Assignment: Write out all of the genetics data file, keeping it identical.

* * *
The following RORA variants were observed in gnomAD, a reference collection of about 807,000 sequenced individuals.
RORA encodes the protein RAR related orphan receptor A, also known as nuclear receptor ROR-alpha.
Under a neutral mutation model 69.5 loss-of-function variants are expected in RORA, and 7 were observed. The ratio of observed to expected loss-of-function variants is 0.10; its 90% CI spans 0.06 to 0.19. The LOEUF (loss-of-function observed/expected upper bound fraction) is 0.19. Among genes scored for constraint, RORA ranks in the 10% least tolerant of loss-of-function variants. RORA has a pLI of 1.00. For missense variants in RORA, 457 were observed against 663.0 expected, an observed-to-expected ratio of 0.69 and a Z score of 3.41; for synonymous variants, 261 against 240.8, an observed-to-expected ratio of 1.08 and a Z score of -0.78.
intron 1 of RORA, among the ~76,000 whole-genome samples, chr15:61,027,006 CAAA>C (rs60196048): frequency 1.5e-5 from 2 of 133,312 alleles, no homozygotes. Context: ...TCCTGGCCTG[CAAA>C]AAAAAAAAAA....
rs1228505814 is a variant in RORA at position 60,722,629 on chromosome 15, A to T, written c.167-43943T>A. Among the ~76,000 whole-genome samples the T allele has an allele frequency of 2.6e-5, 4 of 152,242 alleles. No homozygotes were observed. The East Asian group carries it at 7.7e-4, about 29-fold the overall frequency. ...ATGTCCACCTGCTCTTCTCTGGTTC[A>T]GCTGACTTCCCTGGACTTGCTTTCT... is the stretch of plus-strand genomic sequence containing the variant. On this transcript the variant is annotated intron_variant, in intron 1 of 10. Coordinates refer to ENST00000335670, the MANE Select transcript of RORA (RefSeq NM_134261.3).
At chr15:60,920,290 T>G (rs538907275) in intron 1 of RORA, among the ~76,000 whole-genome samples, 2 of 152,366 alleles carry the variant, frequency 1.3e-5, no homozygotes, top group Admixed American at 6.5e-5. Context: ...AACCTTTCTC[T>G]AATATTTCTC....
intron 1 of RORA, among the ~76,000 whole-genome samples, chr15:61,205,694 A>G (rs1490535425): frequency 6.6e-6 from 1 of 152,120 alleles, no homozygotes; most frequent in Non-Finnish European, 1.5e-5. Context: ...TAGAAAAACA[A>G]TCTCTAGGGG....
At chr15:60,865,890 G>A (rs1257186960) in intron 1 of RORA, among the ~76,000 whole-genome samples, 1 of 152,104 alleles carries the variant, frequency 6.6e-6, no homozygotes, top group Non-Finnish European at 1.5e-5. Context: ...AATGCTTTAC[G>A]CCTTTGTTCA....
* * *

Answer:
The following RORA variants were observed in gnomAD, a reference collection of about 807,000 sequenced individuals.
RORA encodes the protein RAR related orphan receptor A, also known as nuclear receptor ROR-alpha.
Under a neutral mutation model 69.5 loss-of-function variants are expected in RORA, and 7 were observed. The ratio of observed to expected loss-of-function variants is 0.10; its 90% CI spans 0.06 to 0.19. The LOEUF (loss-of-function observed/expected upper bound fraction) is 0.19. Among genes scored for constraint, RORA ranks in the 10% least tolerant of loss-of-function variants. RORA has a pLI of 1.00. For missense variants in RORA, 457 were observed against 663.0 expected, an observed-to-expected ratio of 0.69 and a Z score of 3.41; for synonymous variants, 261 against 240.8, an observed-to-expected ratio of 1.08 and a Z score of -0.78.
intron 1 of RORA, among the ~76,000 whole-genome samples, chr15:61,027,006 CAAA>C (rs60196048): frequency 1.5e-5 from 2 of 133,312 alleles, no homozygotes. Context: ...TCCTGGCCTG[CAAA>C]AAAAAAAAAA....
rs1228505814 is a variant in RORA at position 60,722,629 on chromosome 15, A to T, written c.167-43943T>A. Among the ~76,000 whole-genome samples the T allele has an allele frequency of 2.6e-5, 4 of 152,242 alleles. No homozygotes were observed. The East Asian group carries it at 7.7e-4, about 29-fold the overall frequency. ...ATGTCCACCTGCTCTTCTCTGGTTC[A>T]GCTGACTTCCCTGGACTTGCTTTCT... is the stretch of plus-strand genomic sequence containing the variant. On this transcript the variant is annotated intron_variant, in intron 1 of 10. Coordinates refer to ENST00000335670, the MANE Select transcript of RORA (RefSeq NM_134261.3).
At chr15:60,920,290 T>G (rs538907275) in intron 1 of RORA, among the ~76,000 whole-genome samples, 2 of 152,366 alleles carry the variant, frequency 1.3e-5, no homozygotes, top group Admixed American at 6.5e-5. Context: ...AACCTTTCTC[T>G]AATATTTCTC....
intron 1 of RORA, among the ~76,000 whole-genome samples, chr15:61,205,694 A>G (rs1490535425): frequency 6.6e-6 from 1 of 152,120 alleles, no homozygotes; most frequent in Non-Finnish European, 1.5e-5. Context: ...TAGAAAAACA[A>G]TCTCTAGGGG....
At chr15:60,865,890 G>A (rs1257186960) in intron 1 of RORA, among the ~76,000 whole-genome samples, 1 of 152,104 alleles carries the variant, frequency 6.6e-6, no homozygotes, top group Non-Finnish European at 1.5e-5. Context: ...AATGCTTTAC[G>A]CCTTTGTTCA....